Back in the 1980's, there was a college in Virginia that offered a course in martial arts and a "martial arts degree" through the physical education department. There were a number of what I class as "promoters" involved, and some legitimate martial artists. The problem then, as now, is that the return on investment was very negligeble, and simply having a degree in martial arts didn't provide anything except something else to hang on the wall... along with your "soke" pictures and real-time training certifications... from non-accredited martial arts schools.
Unfortunately, 4 years isn't long enough to gain the knowledge to teach martial arts adequately to "press forward" with your skills and independently survive as a martial arts school. Unless you're picked up by a McDojo chain, there simply isn't enough knowledge to hold it all together. If you started today and trained for 4 years under any real "master", you might make shodan in 4 years, and you certainly won't set the world on fire with that.
The dojo where I train has about 650 students... all but about 100 are under 16 years of age, and 85 to 90 percent of that 100 are below shodan. The few that are "higher ranked" are still pretty pitiful when it comes to actually understanding martial sciences and fighting tactics. They have some level of technique, but not nearly what would come out of a TMA school if they stayed there the same amount of time they've trained there. The reason is simple, they are doing it for exercise and not so much for knowledge, which is why they disappear after about two to three years. They run the "kickboxing" to aerobics to BJJ to being gone scenario, and of the teachers I've seen there over the past 17 or 18 years, only the dojo owner's sons are still there. The others run between a 3 to 5 years "lifespan" as students to teachers to gone.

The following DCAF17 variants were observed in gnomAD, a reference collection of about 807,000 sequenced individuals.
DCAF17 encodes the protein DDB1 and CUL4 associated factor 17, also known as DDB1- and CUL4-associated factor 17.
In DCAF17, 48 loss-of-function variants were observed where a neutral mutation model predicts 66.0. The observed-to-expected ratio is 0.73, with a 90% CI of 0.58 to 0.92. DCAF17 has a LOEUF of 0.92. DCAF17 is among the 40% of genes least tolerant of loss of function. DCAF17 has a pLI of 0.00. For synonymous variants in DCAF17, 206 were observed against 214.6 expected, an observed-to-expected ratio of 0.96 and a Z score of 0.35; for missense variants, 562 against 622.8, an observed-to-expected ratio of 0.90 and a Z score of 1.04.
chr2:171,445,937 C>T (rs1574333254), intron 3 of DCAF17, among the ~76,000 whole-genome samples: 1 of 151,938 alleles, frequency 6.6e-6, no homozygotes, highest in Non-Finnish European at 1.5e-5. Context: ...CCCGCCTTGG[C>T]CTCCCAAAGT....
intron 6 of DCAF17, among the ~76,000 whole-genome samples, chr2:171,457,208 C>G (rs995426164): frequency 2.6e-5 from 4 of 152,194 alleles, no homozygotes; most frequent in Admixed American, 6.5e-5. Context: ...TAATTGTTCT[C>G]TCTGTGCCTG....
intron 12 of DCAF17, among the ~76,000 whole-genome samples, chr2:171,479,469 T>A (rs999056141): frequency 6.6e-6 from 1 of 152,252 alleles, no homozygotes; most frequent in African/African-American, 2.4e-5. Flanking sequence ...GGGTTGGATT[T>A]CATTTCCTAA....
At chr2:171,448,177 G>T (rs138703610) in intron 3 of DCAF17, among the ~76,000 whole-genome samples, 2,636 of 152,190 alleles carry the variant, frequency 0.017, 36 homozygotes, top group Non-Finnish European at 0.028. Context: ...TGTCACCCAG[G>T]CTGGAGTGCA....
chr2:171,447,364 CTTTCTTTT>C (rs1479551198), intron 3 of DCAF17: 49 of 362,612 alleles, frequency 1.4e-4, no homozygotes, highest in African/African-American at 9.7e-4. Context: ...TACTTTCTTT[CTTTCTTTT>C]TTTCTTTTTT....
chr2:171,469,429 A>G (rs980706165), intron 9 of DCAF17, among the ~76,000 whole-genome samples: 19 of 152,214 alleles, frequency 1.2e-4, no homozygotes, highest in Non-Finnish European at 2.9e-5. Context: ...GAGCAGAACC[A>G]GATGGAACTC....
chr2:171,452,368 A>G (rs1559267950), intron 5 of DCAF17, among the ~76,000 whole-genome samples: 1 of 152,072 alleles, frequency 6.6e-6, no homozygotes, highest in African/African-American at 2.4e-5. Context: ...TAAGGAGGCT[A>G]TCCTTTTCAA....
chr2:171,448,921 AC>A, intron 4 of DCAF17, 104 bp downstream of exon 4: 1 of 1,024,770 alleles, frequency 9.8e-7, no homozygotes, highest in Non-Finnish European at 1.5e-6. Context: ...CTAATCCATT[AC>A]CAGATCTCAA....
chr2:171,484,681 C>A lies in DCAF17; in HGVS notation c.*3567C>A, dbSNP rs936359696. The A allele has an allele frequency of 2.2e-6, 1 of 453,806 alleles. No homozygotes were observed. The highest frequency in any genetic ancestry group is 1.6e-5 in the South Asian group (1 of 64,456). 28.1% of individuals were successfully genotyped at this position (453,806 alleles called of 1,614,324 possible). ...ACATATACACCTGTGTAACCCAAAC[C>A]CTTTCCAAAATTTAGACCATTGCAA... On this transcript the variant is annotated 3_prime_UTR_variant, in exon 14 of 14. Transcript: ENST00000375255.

At about $100 a month, they'll have $3600 in training to reach shodan, and about $4800 until they start teaching. Since our side does TMA, we don't get involved in their dojo operations, but if they pay the teachers at all, they'll spend it back for more training. Finally, it all wears out, and they leave... seen it dozens of times.
Now, if the actual college course in martial arts didn't work before, when it was done by "name" martial artists, I don't see it working unless it's attached to another degree as a minor. Martial arts is a broad subject, and it takes years to develop many of the basic skills in some arts, so a 4 year program that "does it all" isn't practical or one where you'll gain the kind of knowledge you need to be considered legitimate.